Ubisoft have spent much time trumpeting the merits of their all-new combat system, yet it continues to stand as little more than a wedge between the player and the real heart of the Prince of Persia franchise; platforming.

Enemies will be avoided, more often that not, simply because even on the easiest mode they soak up too many hits and you can just leap to a higher point and leave them milling about aimlessly, still spouting one-liners. There are periods of enforced combat, and these become, unfortunately, more numerous as the game draws on, but at least Warrior Within has an option here which Prince of Persia so sorely lacked, with teleporting foes that could follow you anywhere.

Ancient Persia did a nice line in highly inefficient, easy on the eyes armour

While there are an impressive amount of attacks which can be chained together, enabling you to alternate between weapons in the left and right hand, it seems likely that most will just mash buttons when surrounded. Lacking the vicious fluidity of Ninja Gaiden, or the sheer style of Devil May Cry, Warrior Within can offer little here except more moves, more enemies, and more blood over the original.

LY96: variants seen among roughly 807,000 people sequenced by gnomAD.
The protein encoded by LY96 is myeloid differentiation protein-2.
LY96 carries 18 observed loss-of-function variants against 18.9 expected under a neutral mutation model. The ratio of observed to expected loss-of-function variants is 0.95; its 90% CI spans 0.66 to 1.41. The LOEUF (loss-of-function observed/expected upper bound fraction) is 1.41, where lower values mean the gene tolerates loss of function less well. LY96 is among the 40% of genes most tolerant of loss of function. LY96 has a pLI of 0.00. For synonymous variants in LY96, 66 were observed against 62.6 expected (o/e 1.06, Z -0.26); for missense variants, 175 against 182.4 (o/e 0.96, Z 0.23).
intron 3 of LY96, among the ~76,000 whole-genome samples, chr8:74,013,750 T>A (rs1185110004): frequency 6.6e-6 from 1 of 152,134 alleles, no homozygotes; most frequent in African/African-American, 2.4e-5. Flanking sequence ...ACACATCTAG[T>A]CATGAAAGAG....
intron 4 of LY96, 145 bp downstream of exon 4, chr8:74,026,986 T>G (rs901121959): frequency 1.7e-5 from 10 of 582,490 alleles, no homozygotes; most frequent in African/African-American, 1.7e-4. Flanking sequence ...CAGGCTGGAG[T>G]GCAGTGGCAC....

Ah yes, blood, the true sign of grim maturity.

It oozes from every pore; it splatters across the game over screen, flows down the loading one, and gushes from enemies as you decapitate or slice them in half, often in automatically triggered slow-motion. This is gore for gore's sake, seeing as these enemies are sand creatures, just as in the original, and therefore there isn't supposed to be an ounce of blood left in them.

For those who wish to continue picking at the loose threads, the time manipulating mechanic is present, yet for those who valued POP's storyline, it's pretty far from correct. The Prince now has Farrah's medallion, except that medallion never enabled her to manipulate or store the Sands, just to resist their influence.

Like a hastily painted forgery, Warrior Within copies the broadest strokes of the creator's original vision, yet slips up on smaller details such as these. Every facet of this title has been targeted at making it a conversation piece between mainstream gamers, from the new identity of the Prince to the enemies he faces. You'll tangle several times with a female adversary who looks like she just stepped off a fetish shoot; breasts barely contained behind a metallic strip which winds round her supple body and terminates in a steel G-string. Finally defeat her and discover with mild dismay that the girl you've just rescued seems to favour low-cut dresses to better display her obvious attributes; there's no escaping the crassness of this design.

Step away from the heaving mammaries and find a selection of enemies who reel off so many wannabe-cool sound bytes, its amazing they ever find time to pick up a sword, let alone swing one. Your fights will be punctuated with 'Hit me harder Prince, harder!', 'I like you in this position', 'he's the one the Empress wants dead!', and your own character's gruff put-downs.

Some of the old magic still remains